Yuengling beer has given up most of the significant positive perception it had developed with consumers over the summer after weighing in on the presidential election.
Brewery owner Richard Yuengling Jr. endorsed Republican nominee Donald Trump in the Oct. 25 edition of the Reading (Penn.) Eagle, according to YouGov BrandIndex. Donald Trump's son, Eric Trump, recently visited the Pottsville, Penn., brewery. In the resulting news story, Yuengling proclaimed: “Our guys are behind your father. We need him in there.”
As the news story gained traction, perception among Democratic consumers pushed the beer's perception scores down significantly. Perception among Republicans dipped modestly as well.
Historically, Yuengling’s consumer perception tracks consistently above the beer sector average. However, Yuengling has fallen below that average since the Trump news broke and went national.
Corporate brands almost always go out of their way not to discuss anything remotely touching upon politics because there is just too much at stake with reputation and financially, says Ted Marzilli, CEO for YouGov BrandIndex.
“There is an old saying about not discussing politics in polite company,” Marzilli tells Marketing Daily. “That applies to more than party conversation. The atmosphere is just way too polarizing, especially when news, quotes and rumors can ricochet around social media in mere seconds. Even if your brand is beloved by consumers of a particular political affiliation, you just don't talk politics because somebody will alway be alienated. And why alienate anybody from your customer base?”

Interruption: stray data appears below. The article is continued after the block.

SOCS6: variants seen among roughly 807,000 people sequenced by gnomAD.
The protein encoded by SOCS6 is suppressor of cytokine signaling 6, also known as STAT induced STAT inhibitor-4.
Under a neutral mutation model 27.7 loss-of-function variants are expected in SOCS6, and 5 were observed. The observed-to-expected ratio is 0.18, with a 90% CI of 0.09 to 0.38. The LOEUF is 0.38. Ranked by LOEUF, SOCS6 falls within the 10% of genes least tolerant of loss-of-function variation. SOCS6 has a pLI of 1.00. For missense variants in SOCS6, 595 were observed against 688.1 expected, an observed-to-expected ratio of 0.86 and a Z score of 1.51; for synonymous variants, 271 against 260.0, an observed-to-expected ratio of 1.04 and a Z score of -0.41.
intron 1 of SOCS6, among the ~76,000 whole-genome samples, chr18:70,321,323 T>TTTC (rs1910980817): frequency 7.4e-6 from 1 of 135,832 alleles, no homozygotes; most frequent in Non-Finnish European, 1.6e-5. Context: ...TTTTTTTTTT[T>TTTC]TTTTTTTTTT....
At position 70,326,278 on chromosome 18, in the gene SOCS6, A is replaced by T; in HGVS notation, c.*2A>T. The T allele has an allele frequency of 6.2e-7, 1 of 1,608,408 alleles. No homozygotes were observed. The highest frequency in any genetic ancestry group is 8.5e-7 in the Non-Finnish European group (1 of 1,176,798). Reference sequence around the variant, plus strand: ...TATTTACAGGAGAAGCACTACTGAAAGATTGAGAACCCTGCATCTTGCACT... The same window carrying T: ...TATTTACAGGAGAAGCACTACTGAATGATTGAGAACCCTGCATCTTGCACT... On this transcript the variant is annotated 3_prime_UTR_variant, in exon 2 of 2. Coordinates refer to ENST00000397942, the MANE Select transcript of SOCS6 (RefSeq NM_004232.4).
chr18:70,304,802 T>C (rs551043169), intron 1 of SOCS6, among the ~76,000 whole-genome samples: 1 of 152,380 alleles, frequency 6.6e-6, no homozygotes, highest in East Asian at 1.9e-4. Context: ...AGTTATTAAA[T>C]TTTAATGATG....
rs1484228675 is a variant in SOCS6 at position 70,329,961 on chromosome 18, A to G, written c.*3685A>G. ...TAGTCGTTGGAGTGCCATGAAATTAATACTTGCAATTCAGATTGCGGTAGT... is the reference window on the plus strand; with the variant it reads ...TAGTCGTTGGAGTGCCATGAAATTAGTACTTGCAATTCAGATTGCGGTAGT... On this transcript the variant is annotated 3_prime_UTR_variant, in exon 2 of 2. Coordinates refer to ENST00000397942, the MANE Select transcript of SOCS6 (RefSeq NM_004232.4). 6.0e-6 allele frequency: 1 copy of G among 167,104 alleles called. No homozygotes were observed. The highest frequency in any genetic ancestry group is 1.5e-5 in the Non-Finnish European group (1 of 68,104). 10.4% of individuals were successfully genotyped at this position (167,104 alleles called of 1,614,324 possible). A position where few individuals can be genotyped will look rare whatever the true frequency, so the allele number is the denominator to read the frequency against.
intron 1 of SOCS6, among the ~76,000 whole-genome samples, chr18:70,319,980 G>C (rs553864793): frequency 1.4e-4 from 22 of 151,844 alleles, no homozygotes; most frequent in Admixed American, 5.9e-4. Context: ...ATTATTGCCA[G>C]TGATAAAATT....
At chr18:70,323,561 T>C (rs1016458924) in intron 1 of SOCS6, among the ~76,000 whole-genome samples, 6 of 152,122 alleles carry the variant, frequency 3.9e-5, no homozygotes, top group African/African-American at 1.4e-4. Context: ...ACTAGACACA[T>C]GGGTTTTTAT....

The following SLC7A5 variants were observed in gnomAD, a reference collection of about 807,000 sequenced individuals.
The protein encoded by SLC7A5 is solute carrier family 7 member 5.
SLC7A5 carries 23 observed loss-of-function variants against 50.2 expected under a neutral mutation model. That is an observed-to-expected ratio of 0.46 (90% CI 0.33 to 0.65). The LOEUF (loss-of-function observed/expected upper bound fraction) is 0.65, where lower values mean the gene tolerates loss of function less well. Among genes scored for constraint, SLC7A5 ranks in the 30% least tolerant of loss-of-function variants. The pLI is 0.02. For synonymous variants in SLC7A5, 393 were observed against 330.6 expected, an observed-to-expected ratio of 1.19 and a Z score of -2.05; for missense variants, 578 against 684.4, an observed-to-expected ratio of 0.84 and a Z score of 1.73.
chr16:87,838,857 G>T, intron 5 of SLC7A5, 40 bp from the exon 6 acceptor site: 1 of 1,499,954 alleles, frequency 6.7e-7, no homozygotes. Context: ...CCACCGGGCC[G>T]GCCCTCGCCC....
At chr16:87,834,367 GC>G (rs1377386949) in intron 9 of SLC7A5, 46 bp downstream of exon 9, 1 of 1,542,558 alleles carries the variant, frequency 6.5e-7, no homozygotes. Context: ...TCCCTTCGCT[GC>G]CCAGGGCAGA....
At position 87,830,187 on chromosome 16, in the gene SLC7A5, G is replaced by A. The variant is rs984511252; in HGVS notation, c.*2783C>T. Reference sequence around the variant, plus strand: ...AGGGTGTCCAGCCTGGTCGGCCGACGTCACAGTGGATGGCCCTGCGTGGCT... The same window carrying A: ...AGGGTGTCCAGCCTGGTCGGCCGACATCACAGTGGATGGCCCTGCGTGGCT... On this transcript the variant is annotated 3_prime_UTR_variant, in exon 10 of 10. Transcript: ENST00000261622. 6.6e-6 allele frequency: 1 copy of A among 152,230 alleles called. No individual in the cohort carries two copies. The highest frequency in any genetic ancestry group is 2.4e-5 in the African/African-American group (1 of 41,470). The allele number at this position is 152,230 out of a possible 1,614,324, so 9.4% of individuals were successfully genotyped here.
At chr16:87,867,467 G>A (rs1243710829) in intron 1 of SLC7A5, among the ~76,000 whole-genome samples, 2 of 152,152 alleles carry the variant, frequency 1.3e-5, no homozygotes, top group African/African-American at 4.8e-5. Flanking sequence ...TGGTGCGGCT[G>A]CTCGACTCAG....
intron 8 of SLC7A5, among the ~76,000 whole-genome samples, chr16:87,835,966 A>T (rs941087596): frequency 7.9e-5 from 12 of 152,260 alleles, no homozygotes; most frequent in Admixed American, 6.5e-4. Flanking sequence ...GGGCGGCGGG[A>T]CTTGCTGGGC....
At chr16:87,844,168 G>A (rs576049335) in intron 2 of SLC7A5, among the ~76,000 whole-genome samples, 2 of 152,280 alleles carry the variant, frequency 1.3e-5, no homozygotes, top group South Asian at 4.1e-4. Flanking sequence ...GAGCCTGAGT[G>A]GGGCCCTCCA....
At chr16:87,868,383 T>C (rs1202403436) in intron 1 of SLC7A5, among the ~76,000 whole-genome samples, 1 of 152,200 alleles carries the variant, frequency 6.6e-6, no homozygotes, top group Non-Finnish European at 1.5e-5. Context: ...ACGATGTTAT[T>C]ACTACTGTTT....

YouGov interviewed 25,000 adults age 21 and older from Jan. 1 though Nov. 6, for this research, which has a +/- 3% margin of error.
YouGov BrandIndex used its Buzz score to track Yuengling’s consumer perception. The question asked of respondents to determine the score was: "If you've heard anything about the brand in the last two weeks, through advertising, news or word of mouth, was it positive or negative?"
A score can range from -100 to 100 with a zero score equaling a neutral position.
On Oct.25, when the news story broke, Yuengling’s Buzz score was a positive 5. The New York Times followed up three days later and triggered a fall to a zero (neutral) score on Nov. 5. On that same day, the beer sector average Buzz score was 3.
Looking at perception by political party, consumers affiliated with the Democratic party sent Yuengling's Buzz score from 5 to -7 this past weekend. Republican consumers, whose scores are normally higher than Democrats for Yuengling, slid from 8 to 4 over the same time period.
So far, Yuengling has been remarkably quiet, probably ducking their heads down and hoping it will go away, Marzilli says.
“That may work in the short term,” he says. “However, it may be a wiser move to donate money to bipartisan causes and organizations, generating some positive press in the right direction.”